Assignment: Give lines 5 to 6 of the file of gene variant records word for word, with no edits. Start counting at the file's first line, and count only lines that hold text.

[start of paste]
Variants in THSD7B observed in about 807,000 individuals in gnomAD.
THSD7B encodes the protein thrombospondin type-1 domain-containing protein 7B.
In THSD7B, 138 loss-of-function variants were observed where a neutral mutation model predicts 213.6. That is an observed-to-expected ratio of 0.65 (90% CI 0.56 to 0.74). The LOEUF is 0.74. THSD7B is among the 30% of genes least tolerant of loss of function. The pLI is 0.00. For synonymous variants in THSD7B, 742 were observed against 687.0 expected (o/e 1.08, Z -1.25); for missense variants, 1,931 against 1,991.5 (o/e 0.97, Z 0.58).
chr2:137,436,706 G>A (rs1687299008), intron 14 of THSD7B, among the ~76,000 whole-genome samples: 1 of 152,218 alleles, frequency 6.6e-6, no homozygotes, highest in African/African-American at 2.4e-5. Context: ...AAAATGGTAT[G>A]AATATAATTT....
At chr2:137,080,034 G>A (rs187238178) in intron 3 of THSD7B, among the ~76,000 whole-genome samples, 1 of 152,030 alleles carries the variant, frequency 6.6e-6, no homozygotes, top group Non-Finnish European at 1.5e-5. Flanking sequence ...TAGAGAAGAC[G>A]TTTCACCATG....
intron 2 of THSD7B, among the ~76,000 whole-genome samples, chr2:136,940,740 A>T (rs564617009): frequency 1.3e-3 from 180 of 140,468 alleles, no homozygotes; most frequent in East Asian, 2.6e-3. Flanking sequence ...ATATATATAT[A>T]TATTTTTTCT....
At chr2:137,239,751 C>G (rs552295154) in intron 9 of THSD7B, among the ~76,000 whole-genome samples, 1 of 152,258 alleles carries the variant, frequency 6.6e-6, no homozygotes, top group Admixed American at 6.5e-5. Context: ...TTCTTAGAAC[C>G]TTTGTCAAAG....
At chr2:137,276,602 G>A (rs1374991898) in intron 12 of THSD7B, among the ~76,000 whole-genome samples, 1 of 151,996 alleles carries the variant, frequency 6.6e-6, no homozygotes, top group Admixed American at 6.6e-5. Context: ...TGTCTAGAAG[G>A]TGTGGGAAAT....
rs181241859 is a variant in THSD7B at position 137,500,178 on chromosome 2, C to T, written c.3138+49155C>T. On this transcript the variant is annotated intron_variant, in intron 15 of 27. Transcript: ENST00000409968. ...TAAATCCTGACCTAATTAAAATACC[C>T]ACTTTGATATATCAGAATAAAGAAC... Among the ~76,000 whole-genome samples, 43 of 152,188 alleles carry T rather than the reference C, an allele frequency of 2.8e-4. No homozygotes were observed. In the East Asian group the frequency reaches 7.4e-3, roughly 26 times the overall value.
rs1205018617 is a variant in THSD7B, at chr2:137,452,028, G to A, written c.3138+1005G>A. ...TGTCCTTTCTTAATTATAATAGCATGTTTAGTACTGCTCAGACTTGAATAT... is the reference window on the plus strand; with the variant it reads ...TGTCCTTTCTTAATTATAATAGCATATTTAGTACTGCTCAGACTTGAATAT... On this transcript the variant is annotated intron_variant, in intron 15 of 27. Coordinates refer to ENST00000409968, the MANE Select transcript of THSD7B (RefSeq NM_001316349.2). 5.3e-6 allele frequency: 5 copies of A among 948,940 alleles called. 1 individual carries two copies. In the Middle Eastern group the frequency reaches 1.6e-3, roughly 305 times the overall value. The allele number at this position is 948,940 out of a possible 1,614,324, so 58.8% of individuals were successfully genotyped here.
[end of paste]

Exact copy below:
At chr2:137,080,034 G>A (rs187238178) in intron 3 of THSD7B, among the ~76,000 whole-genome samples, 1 of 152,030 alleles carries the variant, frequency 6.6e-6, no homozygotes, top group Non-Finnish European at 1.5e-5. Flanking sequence ...TAGAGAAGAC[G>A]TTTCACCATG....
intron 2 of THSD7B, among the ~76,000 whole-genome samples, chr2:136,940,740 A>T (rs564617009): frequency 1.3e-3 from 180 of 140,468 alleles, no homozygotes; most frequent in East Asian, 2.6e-3. Flanking sequence ...ATATATATAT[A>T]TATTTTTTCT....